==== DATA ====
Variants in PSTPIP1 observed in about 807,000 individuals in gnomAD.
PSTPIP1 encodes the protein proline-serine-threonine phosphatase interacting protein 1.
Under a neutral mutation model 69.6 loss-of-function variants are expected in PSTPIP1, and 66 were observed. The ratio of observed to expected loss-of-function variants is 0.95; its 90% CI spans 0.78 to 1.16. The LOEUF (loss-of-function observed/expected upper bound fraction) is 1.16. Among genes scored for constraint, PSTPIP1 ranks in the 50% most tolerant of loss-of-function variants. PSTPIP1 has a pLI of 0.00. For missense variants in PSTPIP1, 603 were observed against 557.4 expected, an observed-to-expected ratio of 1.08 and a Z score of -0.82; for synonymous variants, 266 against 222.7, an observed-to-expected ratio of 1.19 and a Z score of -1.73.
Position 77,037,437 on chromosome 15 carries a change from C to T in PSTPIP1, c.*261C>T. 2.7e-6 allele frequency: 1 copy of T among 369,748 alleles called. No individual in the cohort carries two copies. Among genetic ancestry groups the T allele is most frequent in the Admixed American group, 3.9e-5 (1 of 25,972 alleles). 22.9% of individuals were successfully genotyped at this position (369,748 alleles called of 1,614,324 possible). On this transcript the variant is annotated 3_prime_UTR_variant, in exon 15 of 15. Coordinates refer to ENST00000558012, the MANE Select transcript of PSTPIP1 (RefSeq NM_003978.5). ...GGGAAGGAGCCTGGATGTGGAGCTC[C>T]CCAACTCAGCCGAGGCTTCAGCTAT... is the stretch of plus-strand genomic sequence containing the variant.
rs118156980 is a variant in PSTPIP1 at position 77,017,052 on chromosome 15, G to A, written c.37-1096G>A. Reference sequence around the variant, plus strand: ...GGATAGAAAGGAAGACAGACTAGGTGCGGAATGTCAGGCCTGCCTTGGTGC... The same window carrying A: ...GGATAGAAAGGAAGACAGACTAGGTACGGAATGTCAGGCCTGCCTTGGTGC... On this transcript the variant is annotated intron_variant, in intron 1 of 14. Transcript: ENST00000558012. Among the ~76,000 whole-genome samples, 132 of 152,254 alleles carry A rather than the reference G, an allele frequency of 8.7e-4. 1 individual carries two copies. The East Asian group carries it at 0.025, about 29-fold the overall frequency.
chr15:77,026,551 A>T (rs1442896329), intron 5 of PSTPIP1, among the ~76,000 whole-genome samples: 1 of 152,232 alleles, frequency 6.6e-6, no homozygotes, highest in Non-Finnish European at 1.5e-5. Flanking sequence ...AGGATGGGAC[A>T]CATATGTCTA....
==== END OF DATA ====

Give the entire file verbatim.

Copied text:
Variants in PSTPIP1 observed in about 807,000 individuals in gnomAD.
PSTPIP1 encodes the protein proline-serine-threonine phosphatase interacting protein 1.
Under a neutral mutation model 69.6 loss-of-function variants are expected in PSTPIP1, and 66 were observed. The ratio of observed to expected loss-of-function variants is 0.95; its 90% CI spans 0.78 to 1.16. The LOEUF (loss-of-function observed/expected upper bound fraction) is 1.16. Among genes scored for constraint, PSTPIP1 ranks in the 50% most tolerant of loss-of-function variants. PSTPIP1 has a pLI of 0.00. For missense variants in PSTPIP1, 603 were observed against 557.4 expected, an observed-to-expected ratio of 1.08 and a Z score of -0.82; for synonymous variants, 266 against 222.7, an observed-to-expected ratio of 1.19 and a Z score of -1.73.
Position 77,037,437 on chromosome 15 carries a change from C to T in PSTPIP1, c.*261C>T. 2.7e-6 allele frequency: 1 copy of T among 369,748 alleles called. No individual in the cohort carries two copies. Among genetic ancestry groups the T allele is most frequent in the Admixed American group, 3.9e-5 (1 of 25,972 alleles). 22.9% of individuals were successfully genotyped at this position (369,748 alleles called of 1,614,324 possible). On this transcript the variant is annotated 3_prime_UTR_variant, in exon 15 of 15. Coordinates refer to ENST00000558012, the MANE Select transcript of PSTPIP1 (RefSeq NM_003978.5). ...GGGAAGGAGCCTGGATGTGGAGCTC[C>T]CCAACTCAGCCGAGGCTTCAGCTAT... is the stretch of plus-strand genomic sequence containing the variant.
rs118156980 is a variant in PSTPIP1 at position 77,017,052 on chromosome 15, G to A, written c.37-1096G>A. Reference sequence around the variant, plus strand: ...GGATAGAAAGGAAGACAGACTAGGTGCGGAATGTCAGGCCTGCCTTGGTGC... The same window carrying A: ...GGATAGAAAGGAAGACAGACTAGGTACGGAATGTCAGGCCTGCCTTGGTGC... On this transcript the variant is annotated intron_variant, in intron 1 of 14. Transcript: ENST00000558012. Among the ~76,000 whole-genome samples, 132 of 152,254 alleles carry A rather than the reference G, an allele frequency of 8.7e-4. 1 individual carries two copies. The East Asian group carries it at 0.025, about 29-fold the overall frequency.
chr15:77,026,551 A>T (rs1442896329), intron 5 of PSTPIP1, among the ~76,000 whole-genome samples: 1 of 152,232 alleles, frequency 6.6e-6, no homozygotes, highest in Non-Finnish European at 1.5e-5. Flanking sequence ...AGGATGGGAC[A>T]CATATGTCTA....